- 0Dec 1, '11 by 360jRNApplied initially for ICU at a hospital 40 minutes from my house. Wanted me to have 6 months experience in ER or Med/Surg before they'd pull me up. So ER Director liked me pretty well from previous encounters and dealings during clinical and offered me a spot. The hospital that I was working at during school didnt have a full time ER spot open so I didnt plan on staying there. Well fate would have it that 2 of their nurses called in sick for the entire memorial day weekend; I called the DON said give me a job and I'll walk away from the other place... Boom on the schedule! Lol
- 0Dec 2, '11 by pedsEDRN16Got my job as a new grad in the Peds ER after working there as a tech for 2 years while I was in nursing school. My advice would be to get your foot in the door and try to find a job as an ER tech. It also helps you get used to the fast pace of an ER and understand how important it is to be able to prioritize and multi task.
- 0Dec 5, '11 by ReWrittenI always wanted to do critical care/ICU during nursing school. I did not have a good experience in my ER rotation during nursing school, so I was no interested or impressed with it.
After 8 months of not landing an ICU job, but on med-surg, I made ALOT of connections with the ER staff in my hospital and they coaxed me into coming downstairs. I've been there for 6 months and can't imagine going back to the floor. I LOVE it! However, I'm very thankful for my med-surg background. I consider myself a quick learner, but med-surg really helped me in terms of medication administration and good assessment skills. I work in a rural community hospital and had only 4 weeks of orientation in the ER, so you expected to know your stuff from the beginning. All that being said, I'm always learning something and my coworkers are a delight to work with and have no problems showing/explaining things to me.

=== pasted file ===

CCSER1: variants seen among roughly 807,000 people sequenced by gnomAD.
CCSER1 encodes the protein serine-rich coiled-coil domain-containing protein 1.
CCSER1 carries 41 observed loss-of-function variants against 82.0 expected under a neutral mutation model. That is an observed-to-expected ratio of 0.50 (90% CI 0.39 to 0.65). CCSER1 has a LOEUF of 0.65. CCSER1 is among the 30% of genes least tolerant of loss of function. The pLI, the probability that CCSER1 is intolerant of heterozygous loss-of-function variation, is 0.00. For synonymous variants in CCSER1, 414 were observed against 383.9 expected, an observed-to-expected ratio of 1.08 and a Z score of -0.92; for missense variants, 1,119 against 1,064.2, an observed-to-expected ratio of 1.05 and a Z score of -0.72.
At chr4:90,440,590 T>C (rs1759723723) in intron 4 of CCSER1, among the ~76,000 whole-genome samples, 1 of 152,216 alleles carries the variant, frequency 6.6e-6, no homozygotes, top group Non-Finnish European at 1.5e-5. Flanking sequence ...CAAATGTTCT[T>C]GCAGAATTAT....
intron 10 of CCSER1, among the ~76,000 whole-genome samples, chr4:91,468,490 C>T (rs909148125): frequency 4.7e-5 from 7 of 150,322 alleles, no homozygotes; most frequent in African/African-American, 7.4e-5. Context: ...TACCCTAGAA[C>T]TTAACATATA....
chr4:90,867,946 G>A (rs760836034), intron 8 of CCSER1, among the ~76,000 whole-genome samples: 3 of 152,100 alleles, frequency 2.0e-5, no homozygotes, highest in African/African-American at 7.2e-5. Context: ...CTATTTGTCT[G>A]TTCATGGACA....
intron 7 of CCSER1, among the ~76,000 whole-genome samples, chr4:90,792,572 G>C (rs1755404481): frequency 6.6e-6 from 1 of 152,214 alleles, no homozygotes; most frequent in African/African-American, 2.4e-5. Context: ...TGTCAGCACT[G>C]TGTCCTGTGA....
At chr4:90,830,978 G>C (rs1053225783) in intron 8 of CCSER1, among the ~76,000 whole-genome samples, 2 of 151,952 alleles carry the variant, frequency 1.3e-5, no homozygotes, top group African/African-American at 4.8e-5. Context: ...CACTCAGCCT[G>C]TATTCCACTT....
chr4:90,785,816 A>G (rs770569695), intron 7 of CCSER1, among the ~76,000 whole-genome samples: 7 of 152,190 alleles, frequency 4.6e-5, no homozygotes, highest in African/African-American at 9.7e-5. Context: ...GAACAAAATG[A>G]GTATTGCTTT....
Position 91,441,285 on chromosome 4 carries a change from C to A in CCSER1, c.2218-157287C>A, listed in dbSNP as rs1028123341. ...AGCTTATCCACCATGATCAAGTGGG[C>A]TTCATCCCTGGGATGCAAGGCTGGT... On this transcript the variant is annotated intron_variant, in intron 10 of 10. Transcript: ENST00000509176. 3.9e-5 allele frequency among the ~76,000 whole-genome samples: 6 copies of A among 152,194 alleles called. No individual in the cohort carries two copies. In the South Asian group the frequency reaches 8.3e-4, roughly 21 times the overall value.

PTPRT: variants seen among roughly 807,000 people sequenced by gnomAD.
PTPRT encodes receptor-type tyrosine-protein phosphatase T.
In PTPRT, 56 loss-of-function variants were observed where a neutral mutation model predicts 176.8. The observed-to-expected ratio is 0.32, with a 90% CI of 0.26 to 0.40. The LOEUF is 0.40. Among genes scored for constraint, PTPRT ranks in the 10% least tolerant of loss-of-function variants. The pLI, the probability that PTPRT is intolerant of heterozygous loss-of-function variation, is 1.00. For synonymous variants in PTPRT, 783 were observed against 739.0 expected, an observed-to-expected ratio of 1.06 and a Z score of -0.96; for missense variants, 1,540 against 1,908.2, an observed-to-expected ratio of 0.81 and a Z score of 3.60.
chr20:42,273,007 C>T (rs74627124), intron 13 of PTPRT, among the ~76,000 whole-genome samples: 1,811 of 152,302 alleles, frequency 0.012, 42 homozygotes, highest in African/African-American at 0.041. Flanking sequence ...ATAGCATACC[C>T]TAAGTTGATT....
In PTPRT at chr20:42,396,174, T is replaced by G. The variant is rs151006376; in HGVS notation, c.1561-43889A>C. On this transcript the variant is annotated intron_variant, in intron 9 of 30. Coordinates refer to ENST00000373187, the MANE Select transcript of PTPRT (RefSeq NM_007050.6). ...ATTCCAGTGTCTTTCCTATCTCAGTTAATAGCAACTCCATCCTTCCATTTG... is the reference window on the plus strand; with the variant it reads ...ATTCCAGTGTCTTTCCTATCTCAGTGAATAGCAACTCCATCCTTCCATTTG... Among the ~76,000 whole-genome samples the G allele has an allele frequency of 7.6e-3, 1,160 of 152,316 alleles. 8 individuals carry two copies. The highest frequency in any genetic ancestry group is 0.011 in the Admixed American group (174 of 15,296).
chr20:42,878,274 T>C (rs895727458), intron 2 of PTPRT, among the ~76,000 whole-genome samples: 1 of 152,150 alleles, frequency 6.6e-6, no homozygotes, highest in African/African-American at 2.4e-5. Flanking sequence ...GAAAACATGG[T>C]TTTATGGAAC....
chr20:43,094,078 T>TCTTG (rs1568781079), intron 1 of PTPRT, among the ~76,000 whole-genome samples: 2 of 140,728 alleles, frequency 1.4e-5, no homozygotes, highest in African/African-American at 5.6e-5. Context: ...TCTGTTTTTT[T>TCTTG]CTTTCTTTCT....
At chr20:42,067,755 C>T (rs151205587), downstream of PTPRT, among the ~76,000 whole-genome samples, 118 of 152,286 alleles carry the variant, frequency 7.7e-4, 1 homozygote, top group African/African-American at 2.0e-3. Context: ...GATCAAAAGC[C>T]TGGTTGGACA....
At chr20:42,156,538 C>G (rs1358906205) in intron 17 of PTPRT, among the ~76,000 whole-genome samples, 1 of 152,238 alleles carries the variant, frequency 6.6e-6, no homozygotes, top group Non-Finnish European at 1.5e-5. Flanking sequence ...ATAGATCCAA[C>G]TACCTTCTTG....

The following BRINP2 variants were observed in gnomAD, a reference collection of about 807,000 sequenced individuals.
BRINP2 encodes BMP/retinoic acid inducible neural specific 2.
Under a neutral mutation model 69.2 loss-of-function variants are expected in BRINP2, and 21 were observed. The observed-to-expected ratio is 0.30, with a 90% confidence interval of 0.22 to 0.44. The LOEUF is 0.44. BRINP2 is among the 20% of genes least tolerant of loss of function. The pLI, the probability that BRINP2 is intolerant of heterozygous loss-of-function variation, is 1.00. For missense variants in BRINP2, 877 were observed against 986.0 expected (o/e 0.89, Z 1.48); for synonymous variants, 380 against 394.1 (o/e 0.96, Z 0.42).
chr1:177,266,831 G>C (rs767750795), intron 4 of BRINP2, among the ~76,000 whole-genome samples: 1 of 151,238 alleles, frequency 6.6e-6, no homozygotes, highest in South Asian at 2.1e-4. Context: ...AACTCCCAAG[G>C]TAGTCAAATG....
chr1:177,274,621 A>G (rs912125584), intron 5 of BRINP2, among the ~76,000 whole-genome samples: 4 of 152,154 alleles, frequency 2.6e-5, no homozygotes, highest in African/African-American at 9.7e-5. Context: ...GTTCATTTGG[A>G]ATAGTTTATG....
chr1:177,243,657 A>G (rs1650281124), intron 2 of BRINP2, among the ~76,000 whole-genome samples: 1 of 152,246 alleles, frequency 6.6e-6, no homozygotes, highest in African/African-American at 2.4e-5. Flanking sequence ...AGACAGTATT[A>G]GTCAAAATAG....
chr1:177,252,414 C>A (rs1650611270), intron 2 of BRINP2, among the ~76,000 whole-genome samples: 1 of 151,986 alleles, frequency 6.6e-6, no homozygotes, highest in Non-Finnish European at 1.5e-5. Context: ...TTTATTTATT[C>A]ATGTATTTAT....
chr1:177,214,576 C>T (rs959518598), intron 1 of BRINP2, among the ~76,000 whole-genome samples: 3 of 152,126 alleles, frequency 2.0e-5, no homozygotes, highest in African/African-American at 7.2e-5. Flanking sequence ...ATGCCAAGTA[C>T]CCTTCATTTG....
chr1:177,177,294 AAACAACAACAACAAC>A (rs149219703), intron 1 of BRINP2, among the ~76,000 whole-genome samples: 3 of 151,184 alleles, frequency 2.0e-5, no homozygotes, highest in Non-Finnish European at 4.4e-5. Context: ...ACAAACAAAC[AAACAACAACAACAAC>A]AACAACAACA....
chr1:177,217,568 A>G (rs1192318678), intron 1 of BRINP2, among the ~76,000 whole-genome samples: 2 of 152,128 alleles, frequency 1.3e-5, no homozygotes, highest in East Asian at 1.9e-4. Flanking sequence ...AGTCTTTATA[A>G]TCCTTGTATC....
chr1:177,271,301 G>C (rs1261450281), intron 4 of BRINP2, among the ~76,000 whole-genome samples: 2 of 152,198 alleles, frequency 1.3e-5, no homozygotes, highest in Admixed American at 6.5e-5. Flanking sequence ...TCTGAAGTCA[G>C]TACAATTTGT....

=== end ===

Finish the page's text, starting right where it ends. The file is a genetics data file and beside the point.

- 0Jan 4, '12 by Lifeisabeachquestion to anyone who will reply.......
i did med/surg for about 5 months... it about killed me. so i went into the field of infertility for the last 11 years. no hospital just office based.. so my practice in NV is closing its doors at the end of the month and my M.D. has some pull and i mentioned to her that i liked the adrenal rush but i like the down time... what kind of suicide am i doing if i apply as an ER nurse that has not done any acute care for the last 11 years.. i learn quick im 45 yrs of age.. just looking for some advise from anyone that knows.. my job ends at the end of the month and i got to figure out a plan of what i need to do. oh by the way las vegas is the worst state to get a job... i will take suggestions from anyone. PS i really do not want med surg ever again, but that is if what i have to do to suck it up then i guess i will take it. DO NOT WANT MED SURGE but suggestions are more than welcomed as i am so new to job seeking stuff. HELP!!!